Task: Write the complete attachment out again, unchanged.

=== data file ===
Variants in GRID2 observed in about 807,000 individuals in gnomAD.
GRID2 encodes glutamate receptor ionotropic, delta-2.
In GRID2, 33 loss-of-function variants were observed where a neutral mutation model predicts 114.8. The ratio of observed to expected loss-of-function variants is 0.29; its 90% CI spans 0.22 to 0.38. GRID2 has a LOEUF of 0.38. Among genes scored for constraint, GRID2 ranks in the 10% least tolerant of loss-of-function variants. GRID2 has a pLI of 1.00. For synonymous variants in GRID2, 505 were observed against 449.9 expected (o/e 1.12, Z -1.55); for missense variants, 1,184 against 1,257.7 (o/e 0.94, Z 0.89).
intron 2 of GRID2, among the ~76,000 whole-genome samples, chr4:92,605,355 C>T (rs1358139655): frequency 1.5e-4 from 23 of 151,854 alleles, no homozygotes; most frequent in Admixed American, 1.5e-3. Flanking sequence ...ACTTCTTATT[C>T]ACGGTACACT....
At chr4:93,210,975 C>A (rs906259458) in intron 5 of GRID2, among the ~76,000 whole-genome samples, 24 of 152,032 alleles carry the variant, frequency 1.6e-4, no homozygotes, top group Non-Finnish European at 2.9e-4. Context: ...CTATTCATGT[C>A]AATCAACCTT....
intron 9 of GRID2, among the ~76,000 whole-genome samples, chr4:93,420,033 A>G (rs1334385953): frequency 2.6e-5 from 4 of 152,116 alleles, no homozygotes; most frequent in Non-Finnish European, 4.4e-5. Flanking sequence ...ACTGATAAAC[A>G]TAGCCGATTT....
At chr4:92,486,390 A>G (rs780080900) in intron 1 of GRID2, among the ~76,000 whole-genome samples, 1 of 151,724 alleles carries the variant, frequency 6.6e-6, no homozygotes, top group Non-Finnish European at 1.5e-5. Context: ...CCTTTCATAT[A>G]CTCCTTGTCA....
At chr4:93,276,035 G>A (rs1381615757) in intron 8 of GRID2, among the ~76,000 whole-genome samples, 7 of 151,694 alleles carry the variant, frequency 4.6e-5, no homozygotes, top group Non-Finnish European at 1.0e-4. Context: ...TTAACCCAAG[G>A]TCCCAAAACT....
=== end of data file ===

Variants in GRID2 observed in about 807,000 individuals in gnomAD.
GRID2 encodes glutamate receptor ionotropic, delta-2.
In GRID2, 33 loss-of-function variants were observed where a neutral mutation model predicts 114.8. The ratio of observed to expected loss-of-function variants is 0.29; its 90% CI spans 0.22 to 0.38. GRID2 has a LOEUF of 0.38. Among genes scored for constraint, GRID2 ranks in the 10% least tolerant of loss-of-function variants. GRID2 has a pLI of 1.00. For synonymous variants in GRID2, 505 were observed against 449.9 expected (o/e 1.12, Z -1.55); for missense variants, 1,184 against 1,257.7 (o/e 0.94, Z 0.89).
intron 2 of GRID2, among the ~76,000 whole-genome samples, chr4:92,605,355 C>T (rs1358139655): frequency 1.5e-4 from 23 of 151,854 alleles, no homozygotes; most frequent in Admixed American, 1.5e-3. Flanking sequence ...ACTTCTTATT[C>T]ACGGTACACT....
At chr4:93,210,975 C>A (rs906259458) in intron 5 of GRID2, among the ~76,000 whole-genome samples, 24 of 152,032 alleles carry the variant, frequency 1.6e-4, no homozygotes, top group Non-Finnish European at 2.9e-4. Context: ...CTATTCATGT[C>A]AATCAACCTT....
intron 9 of GRID2, among the ~76,000 whole-genome samples, chr4:93,420,033 A>G (rs1334385953): frequency 2.6e-5 from 4 of 152,116 alleles, no homozygotes; most frequent in Non-Finnish European, 4.4e-5. Flanking sequence ...ACTGATAAAC[A>G]TAGCCGATTT....
At chr4:92,486,390 A>G (rs780080900) in intron 1 of GRID2, among the ~76,000 whole-genome samples, 1 of 151,724 alleles carries the variant, frequency 6.6e-6, no homozygotes, top group Non-Finnish European at 1.5e-5. Context: ...CCTTTCATAT[A>G]CTCCTTGTCA....
At chr4:93,276,035 G>A (rs1381615757) in intron 8 of GRID2, among the ~76,000 whole-genome samples, 7 of 151,694 alleles carry the variant, frequency 4.6e-5, no homozygotes, top group Non-Finnish European at 1.0e-4. Context: ...TTAACCCAAG[G>A]TCCCAAAACT....